In the late 1920s, Catholics in Mexico fought for religious freedom against the government which became known as the Cristero War. Based on the true story, “For Great Glory” which opens in theaters June 1 captures this historical event with an all-star cast including Academy-award nominees Andy Garcia and Peter O’Toole as well as Golden Globe winner Eva Longoria in Dean Wright’s directorial debut.
The movie begins with Peter O’Toole as a Catholic priest who scoffs at new President Plutarco Elias Calles’ laws to suppress, if not eradicate, their freedom to worship. O’Toole’s remarkable talents along with the bougainvillea and colonial architecture in an era absent of poverty and pollution quickly set the tone for an hour and a half mini-vacation south of the border. I expected a few hardy battle scenes where good ultimately overcomes evil enjoyed with salty popcorn and a happy ending.
That’s until Santiago Cabrera who plays Father Vega and compañeros counter O’Toole’s character’s dismissal of the government’s intent with the statement: “We cannot allow the godless to take away our freedom.” This text does no justice to the delivery. Suddenly, I didn’t feel like we were in idyllic Mexico anymore and the soundbyte would have staying power throughout the film.
“For Greater Glory” is a magnificent undertaking by producer Pablo Jose Barroso because it depicts the third dimension of the Cristeros’–faith–and in filmmaking, innermost beliefs are difficult to show. Often, they’re even more uncomfortable to watch because even if you’re not Catholic, you have to wonder how strong you would be in the same position.
As noted in history, it’s the people who decided to fight the war and the people who decided to hire the General Gorostieta, played by Andy Garcia, to lead the Cristero fight. The many pockets of Cristero armies joined forces and created a central command. By the end of the war, an estimated 50,000 individuals fought as Cristeros including thousands of women.
Atheist President Calles, well played by actor Ruben Blades, used brute force against the Catholic’s initial peaceful resistance. When this plan failed to work, the stakes are escalated on both sides as unnecessary and merciless deaths mount. Enter General Gorostieta (Garcia), a strategist and decorated military hero, who was known to have been agnostic, but believed in religious freedom as did his devout Catholic wife beautifully played by Eva Longoria.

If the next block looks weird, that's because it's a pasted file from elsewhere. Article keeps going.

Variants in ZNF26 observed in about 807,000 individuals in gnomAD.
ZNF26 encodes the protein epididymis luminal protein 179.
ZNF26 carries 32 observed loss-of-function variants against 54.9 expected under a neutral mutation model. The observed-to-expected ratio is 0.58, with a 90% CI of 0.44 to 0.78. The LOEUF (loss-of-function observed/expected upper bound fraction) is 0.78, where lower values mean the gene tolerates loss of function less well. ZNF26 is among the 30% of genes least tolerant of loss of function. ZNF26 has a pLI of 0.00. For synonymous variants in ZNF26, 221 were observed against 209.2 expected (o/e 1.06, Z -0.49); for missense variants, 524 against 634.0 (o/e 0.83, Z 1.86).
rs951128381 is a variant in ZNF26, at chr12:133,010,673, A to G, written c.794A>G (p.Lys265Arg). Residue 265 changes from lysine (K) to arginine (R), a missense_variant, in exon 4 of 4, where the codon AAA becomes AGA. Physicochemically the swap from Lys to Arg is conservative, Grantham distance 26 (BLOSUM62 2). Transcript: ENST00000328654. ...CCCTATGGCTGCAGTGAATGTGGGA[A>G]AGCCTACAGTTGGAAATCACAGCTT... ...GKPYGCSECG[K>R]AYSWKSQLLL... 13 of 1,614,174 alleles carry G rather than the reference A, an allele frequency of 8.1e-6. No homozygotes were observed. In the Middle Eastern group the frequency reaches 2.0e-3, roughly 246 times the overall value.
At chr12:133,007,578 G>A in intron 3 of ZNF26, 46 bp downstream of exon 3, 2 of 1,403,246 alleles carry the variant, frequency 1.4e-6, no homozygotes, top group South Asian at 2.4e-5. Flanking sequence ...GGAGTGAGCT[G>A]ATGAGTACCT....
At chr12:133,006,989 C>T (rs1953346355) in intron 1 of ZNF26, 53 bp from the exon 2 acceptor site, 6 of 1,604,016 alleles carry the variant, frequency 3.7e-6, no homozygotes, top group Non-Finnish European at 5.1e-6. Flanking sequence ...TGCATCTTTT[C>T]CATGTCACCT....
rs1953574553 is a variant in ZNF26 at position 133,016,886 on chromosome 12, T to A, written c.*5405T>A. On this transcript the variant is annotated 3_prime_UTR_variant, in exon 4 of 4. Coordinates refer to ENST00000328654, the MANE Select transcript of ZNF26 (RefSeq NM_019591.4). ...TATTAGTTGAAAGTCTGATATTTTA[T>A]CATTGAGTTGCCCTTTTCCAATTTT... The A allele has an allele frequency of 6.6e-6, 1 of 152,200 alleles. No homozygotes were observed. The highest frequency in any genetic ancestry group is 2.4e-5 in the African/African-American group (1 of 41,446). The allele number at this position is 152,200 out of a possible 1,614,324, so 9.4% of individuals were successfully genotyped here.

Initially, Garcia seems detached in his role as the General. Perhaps it was his portrayal of the part because he does pull through at the end with several moving scenes. And before those, we see that the General believes God will win because he seemed to believe in the faith of his army as much as he did in his own confidence to conquer.
Two stand-out performances included Oscar Isaac (“Drive”, “Robin Hood”), a rancher who formed his own Cristero regime before joining the larger union and Santiago Cabrera (“Che”) as Father Vega. Other commendable roles were given by the talented Oscar® nominee Catalina Sandino Moreno (“Maria Full of Grace”) and Eduardo Verástegui (“Bella”).
New to the screen is Mauricio Kuri who played the real-life teenager José Luis Sánchez del Río beatified by Pope Benedict XVI in 2005 for his refusal to denounce his faith. Kuri’s innocence lit up the screen a did his affinity with the camera. This young actor’s ability to play difficult scenes with believability should earn him future roles as worthy as this one.
The story’s intensity never dulls which is a credit to screenwriter Michael Love, but overall, I thought the film was too long as I felt the three-year battle fatigue with closing credits.
“For Greater Glory” may not be the kind of film that draws the summer crowds looking for a good shoot ’em up, but it is the kind of film that I think will swell with audience appreciation and leave many, as I, wondering about the wars of today.
More importantly, the film touches the core of a person’s spiritual dimension; the one that no medium or rhetoric can easily portray. We are 3D creations and while ideology may impact our physical or mental being, no human entity can penetrate the individual spirit. This causes me to believe that “For Greater Glory” will be regarded more than an epic; it’s a thinking film about courageous people and historical relevance for people of all faiths.